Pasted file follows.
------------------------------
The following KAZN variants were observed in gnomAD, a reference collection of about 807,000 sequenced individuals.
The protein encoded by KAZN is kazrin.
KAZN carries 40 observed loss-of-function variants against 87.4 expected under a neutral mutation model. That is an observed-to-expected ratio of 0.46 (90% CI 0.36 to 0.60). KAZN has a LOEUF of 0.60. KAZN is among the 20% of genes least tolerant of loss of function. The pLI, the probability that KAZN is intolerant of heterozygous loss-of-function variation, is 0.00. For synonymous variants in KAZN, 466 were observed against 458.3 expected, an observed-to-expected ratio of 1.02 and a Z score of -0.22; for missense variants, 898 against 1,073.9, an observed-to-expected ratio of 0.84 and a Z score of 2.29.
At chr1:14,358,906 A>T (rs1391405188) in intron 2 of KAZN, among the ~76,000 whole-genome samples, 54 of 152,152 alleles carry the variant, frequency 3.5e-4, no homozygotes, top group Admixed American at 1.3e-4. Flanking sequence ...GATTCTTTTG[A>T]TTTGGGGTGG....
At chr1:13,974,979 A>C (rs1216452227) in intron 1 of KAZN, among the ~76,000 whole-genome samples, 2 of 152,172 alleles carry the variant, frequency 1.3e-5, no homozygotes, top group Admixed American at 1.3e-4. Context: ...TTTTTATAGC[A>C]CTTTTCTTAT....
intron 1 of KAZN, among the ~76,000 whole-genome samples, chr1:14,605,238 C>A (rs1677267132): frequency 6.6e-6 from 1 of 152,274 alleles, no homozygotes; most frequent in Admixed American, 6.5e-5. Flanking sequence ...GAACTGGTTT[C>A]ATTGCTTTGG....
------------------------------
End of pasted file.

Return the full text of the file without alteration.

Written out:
The following KAZN variants were observed in gnomAD, a reference collection of about 807,000 sequenced individuals.
The protein encoded by KAZN is kazrin.
KAZN carries 40 observed loss-of-function variants against 87.4 expected under a neutral mutation model. That is an observed-to-expected ratio of 0.46 (90% CI 0.36 to 0.60). KAZN has a LOEUF of 0.60. KAZN is among the 20% of genes least tolerant of loss of function. The pLI, the probability that KAZN is intolerant of heterozygous loss-of-function variation, is 0.00. For synonymous variants in KAZN, 466 were observed against 458.3 expected, an observed-to-expected ratio of 1.02 and a Z score of -0.22; for missense variants, 898 against 1,073.9, an observed-to-expected ratio of 0.84 and a Z score of 2.29.
At chr1:14,358,906 A>T (rs1391405188) in intron 2 of KAZN, among the ~76,000 whole-genome samples, 54 of 152,152 alleles carry the variant, frequency 3.5e-4, no homozygotes, top group Admixed American at 1.3e-4. Flanking sequence ...GATTCTTTTG[A>T]TTTGGGGTGG....
At chr1:13,974,979 A>C (rs1216452227) in intron 1 of KAZN, among the ~76,000 whole-genome samples, 2 of 152,172 alleles carry the variant, frequency 1.3e-5, no homozygotes, top group Admixed American at 1.3e-4. Context: ...TTTTTATAGC[A>C]CTTTTCTTAT....
intron 1 of KAZN, among the ~76,000 whole-genome samples, chr1:14,605,238 C>A (rs1677267132): frequency 6.6e-6 from 1 of 152,274 alleles, no homozygotes; most frequent in Admixed American, 6.5e-5. Flanking sequence ...GAACTGGTTT[C>A]ATTGCTTTGG....